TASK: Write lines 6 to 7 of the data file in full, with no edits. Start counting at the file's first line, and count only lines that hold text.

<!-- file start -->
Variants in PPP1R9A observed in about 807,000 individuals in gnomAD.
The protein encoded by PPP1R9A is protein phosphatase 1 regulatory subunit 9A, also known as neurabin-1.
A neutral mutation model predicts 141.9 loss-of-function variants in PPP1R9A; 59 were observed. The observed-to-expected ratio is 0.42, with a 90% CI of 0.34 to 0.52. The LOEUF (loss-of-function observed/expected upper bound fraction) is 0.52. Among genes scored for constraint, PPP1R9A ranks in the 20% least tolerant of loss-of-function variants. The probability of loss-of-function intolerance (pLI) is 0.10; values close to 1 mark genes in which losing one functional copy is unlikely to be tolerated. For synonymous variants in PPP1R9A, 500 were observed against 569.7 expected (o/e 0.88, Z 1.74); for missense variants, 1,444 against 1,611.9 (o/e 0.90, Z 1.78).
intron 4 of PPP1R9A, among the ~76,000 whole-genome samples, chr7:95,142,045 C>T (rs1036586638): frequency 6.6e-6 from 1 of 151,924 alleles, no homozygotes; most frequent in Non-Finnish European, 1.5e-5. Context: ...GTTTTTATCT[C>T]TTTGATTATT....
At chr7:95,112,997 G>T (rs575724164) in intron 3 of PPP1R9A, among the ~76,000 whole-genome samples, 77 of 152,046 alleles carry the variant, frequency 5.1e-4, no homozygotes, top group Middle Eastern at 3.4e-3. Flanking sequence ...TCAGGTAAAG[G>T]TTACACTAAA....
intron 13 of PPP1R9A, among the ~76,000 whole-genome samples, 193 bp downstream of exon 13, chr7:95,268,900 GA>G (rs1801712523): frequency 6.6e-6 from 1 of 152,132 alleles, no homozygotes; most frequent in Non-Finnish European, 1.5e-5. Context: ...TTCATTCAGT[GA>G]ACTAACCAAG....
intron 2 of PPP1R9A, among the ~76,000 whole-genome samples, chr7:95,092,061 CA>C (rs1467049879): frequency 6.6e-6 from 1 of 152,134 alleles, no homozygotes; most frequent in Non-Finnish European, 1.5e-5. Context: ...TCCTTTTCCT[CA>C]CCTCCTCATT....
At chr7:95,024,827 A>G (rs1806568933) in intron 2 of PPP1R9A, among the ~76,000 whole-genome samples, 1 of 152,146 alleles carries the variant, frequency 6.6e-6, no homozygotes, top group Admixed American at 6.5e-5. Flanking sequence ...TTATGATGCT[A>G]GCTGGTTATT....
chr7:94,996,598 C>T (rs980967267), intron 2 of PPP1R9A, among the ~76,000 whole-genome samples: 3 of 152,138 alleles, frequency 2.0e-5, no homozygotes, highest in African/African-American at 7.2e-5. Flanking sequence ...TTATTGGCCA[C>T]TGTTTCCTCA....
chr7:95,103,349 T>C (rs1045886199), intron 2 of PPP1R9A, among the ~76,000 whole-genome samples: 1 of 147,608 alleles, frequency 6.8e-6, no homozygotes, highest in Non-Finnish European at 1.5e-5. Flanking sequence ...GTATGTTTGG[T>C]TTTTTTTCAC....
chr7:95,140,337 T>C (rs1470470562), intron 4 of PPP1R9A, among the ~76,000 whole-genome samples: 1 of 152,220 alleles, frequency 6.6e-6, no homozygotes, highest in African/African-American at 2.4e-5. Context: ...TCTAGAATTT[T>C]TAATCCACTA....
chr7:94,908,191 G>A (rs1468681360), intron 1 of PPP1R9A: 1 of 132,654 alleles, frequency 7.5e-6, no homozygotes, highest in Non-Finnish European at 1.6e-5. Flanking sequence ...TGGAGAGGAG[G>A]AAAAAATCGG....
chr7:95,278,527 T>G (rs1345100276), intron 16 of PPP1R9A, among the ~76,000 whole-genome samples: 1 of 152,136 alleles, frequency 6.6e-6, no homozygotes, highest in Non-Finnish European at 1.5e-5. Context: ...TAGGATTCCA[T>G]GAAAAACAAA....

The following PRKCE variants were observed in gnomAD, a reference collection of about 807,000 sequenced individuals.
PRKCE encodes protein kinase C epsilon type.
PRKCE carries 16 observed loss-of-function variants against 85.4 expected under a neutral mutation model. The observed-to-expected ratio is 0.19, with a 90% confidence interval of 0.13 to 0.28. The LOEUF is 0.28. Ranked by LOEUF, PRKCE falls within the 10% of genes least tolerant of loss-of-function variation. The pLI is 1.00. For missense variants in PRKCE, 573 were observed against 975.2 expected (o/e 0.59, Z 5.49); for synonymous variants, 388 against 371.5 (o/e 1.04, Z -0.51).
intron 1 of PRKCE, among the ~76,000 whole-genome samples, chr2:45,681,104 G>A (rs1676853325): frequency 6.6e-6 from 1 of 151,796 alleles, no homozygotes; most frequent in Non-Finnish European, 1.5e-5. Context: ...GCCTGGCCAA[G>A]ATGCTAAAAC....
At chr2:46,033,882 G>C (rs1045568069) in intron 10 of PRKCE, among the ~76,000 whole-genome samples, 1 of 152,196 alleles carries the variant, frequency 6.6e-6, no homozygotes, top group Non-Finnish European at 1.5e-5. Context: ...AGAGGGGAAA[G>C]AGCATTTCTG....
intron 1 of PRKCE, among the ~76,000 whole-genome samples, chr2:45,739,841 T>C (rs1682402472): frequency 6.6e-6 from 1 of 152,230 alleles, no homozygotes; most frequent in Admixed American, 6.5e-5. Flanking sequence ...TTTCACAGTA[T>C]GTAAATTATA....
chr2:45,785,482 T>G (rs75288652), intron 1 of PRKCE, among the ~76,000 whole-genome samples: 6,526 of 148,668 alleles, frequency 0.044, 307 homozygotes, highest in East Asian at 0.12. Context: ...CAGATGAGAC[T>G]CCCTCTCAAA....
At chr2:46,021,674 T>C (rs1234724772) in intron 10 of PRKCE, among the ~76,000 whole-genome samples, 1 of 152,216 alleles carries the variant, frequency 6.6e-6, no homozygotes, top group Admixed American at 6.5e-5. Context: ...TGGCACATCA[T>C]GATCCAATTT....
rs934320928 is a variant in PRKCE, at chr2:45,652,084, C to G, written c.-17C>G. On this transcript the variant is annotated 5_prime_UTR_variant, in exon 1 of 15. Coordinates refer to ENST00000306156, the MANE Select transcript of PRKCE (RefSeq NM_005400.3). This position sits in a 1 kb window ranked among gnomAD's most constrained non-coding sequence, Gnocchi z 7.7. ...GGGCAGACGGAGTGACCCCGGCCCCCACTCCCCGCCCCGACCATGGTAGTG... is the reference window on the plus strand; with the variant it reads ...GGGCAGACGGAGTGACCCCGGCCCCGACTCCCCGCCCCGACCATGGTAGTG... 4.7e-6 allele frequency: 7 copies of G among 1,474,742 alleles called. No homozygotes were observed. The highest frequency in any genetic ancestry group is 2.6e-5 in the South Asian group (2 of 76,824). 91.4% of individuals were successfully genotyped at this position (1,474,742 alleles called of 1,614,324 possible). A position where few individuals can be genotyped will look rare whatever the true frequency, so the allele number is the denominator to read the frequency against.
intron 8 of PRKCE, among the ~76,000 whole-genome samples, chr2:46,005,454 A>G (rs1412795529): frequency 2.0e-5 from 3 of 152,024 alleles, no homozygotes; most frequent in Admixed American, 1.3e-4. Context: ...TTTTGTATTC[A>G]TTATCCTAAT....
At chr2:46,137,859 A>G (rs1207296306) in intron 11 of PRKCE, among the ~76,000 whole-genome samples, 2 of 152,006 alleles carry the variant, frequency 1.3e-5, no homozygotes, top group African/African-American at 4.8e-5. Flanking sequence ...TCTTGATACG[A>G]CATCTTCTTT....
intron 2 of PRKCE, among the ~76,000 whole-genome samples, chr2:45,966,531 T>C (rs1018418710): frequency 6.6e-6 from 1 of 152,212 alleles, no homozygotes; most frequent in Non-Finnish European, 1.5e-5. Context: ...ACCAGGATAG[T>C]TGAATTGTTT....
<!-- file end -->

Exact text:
intron 13 of PPP1R9A, among the ~76,000 whole-genome samples, 193 bp downstream of exon 13, chr7:95,268,900 GA>G (rs1801712523): frequency 6.6e-6 from 1 of 152,132 alleles, no homozygotes; most frequent in Non-Finnish European, 1.5e-5. Context: ...TTCATTCAGT[GA>G]ACTAACCAAG....
intron 2 of PPP1R9A, among the ~76,000 whole-genome samples, chr7:95,092,061 CA>C (rs1467049879): frequency 6.6e-6 from 1 of 152,134 alleles, no homozygotes; most frequent in Non-Finnish European, 1.5e-5. Context: ...TCCTTTTCCT[CA>C]CCTCCTCATT....